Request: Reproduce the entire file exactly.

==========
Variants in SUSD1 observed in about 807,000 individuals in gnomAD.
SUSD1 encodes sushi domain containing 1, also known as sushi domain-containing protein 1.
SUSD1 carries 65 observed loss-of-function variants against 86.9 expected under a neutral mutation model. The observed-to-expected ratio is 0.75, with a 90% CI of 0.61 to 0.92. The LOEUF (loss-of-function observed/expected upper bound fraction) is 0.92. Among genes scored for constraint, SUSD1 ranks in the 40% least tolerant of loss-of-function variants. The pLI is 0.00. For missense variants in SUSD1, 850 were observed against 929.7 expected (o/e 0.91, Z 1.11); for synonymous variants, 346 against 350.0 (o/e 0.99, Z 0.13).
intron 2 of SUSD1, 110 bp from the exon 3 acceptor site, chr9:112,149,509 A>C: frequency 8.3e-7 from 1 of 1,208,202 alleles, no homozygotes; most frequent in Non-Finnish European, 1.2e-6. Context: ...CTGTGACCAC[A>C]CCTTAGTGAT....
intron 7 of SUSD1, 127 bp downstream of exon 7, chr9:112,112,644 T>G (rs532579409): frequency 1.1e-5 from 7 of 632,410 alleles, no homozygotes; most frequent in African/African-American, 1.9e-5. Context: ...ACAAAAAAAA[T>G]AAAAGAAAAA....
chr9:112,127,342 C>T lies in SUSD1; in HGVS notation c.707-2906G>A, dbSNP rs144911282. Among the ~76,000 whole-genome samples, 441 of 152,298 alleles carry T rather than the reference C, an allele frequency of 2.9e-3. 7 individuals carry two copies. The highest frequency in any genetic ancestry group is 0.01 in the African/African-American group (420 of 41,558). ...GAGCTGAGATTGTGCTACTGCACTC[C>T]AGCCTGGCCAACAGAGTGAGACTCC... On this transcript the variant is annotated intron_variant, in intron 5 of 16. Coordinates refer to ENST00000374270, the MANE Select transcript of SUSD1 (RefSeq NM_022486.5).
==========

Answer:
Variants in SUSD1 observed in about 807,000 individuals in gnomAD.
SUSD1 encodes sushi domain containing 1, also known as sushi domain-containing protein 1.
SUSD1 carries 65 observed loss-of-function variants against 86.9 expected under a neutral mutation model. The observed-to-expected ratio is 0.75, with a 90% CI of 0.61 to 0.92. The LOEUF (loss-of-function observed/expected upper bound fraction) is 0.92. Among genes scored for constraint, SUSD1 ranks in the 40% least tolerant of loss-of-function variants. The pLI is 0.00. For missense variants in SUSD1, 850 were observed against 929.7 expected (o/e 0.91, Z 1.11); for synonymous variants, 346 against 350.0 (o/e 0.99, Z 0.13).
intron 2 of SUSD1, 110 bp from the exon 3 acceptor site, chr9:112,149,509 A>C: frequency 8.3e-7 from 1 of 1,208,202 alleles, no homozygotes; most frequent in Non-Finnish European, 1.2e-6. Context: ...CTGTGACCAC[A>C]CCTTAGTGAT....
intron 7 of SUSD1, 127 bp downstream of exon 7, chr9:112,112,644 T>G (rs532579409): frequency 1.1e-5 from 7 of 632,410 alleles, no homozygotes; most frequent in African/African-American, 1.9e-5. Context: ...ACAAAAAAAA[T>G]AAAAGAAAAA....
chr9:112,127,342 C>T lies in SUSD1; in HGVS notation c.707-2906G>A, dbSNP rs144911282. Among the ~76,000 whole-genome samples, 441 of 152,298 alleles carry T rather than the reference C, an allele frequency of 2.9e-3. 7 individuals carry two copies. The highest frequency in any genetic ancestry group is 0.01 in the African/African-American group (420 of 41,558). ...GAGCTGAGATTGTGCTACTGCACTC[C>T]AGCCTGGCCAACAGAGTGAGACTCC... On this transcript the variant is annotated intron_variant, in intron 5 of 16. Coordinates refer to ENST00000374270, the MANE Select transcript of SUSD1 (RefSeq NM_022486.5).